Bär, H. et al.Ecological financial reform: Product-related incentives as a driver of environmentally friendly production and consumption patterns

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Holger Bär, Ann-Cathrin Beermann, Katja Schumacher, Anne Siemons, Friedhelm Keimeyer, Rafael Postpischil & Klaus Jacob

Release date:
September 2022

German Federal Environmental Agency (UBA), texts | 100/2022

In this project, options for the taxation of products were elaborated, looking at an environmentally oriented value-added tax both within the existing European legal framework and possible changes to EU law; as well as excise duties and other product-related economic instruments. The focus of this report is on excise duties, which have the potential to lower the overconsumption of scarce resources, reduce emissions and waste, and provide economic incentives for the recycling of products to recapture raw materials. In addition to taxes, the analyses also address other product-related economic instruments such as deposit systems or the expansion of producer responsibility.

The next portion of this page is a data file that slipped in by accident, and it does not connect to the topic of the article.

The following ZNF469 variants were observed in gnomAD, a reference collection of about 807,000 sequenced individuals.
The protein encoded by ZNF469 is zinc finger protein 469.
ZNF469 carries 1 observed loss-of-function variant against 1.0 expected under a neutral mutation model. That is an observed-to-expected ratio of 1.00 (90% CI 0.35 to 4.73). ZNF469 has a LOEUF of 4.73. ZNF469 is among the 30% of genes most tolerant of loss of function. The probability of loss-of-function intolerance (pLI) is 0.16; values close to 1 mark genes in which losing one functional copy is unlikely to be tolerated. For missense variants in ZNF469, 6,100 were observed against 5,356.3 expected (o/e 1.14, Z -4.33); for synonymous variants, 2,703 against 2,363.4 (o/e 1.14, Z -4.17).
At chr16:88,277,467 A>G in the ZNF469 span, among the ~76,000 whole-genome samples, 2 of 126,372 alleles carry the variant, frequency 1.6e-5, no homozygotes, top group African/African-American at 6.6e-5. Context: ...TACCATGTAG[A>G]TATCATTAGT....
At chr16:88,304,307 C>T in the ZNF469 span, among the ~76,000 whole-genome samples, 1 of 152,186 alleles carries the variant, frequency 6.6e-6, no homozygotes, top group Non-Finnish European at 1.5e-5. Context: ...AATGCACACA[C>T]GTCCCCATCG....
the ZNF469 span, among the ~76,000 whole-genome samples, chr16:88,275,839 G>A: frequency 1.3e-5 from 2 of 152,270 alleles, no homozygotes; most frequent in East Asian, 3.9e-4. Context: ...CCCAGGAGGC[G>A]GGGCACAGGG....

In the German fiscal constitution, excise taxes are narrowly defined. They must regularly refer to 'goods of permanent private use'. Options for excise taxes with an ecological steering effect are, for example, an excise tax on cement coupled with climate protection contracts for largely climate-neutral cement, the exemption of sustainable coffee from coffee tax and a tax on carrier bags. Other economic instruments that have been examined are a pricing of air freight within the framework of an air freight tax, the transfer of costs to manufacturers of single-use plastic products within the framework of extended producer responsibility or a deposit on lithium-ion batteries.

Additional room for maneuver to achieve an ecological steering effect through economic instruments could be opened up by amending the financial constitutional requirements of the Basic Law – e. g., by explicitly allowing 'environmental levies' or 'levies on emissions'. Value added tax and excise duties can primarily achieve environmental effects in private consumption. Environmental impacts on production can only be addressed indirectly and somewhat imprecisely. Manufacturers are only indirectly affected by the change in consumption, but not in their competitive position vis-à-vis foreign suppliers. A national introduction is more feasible and can provide impulses for more far-reaching international initiatives.

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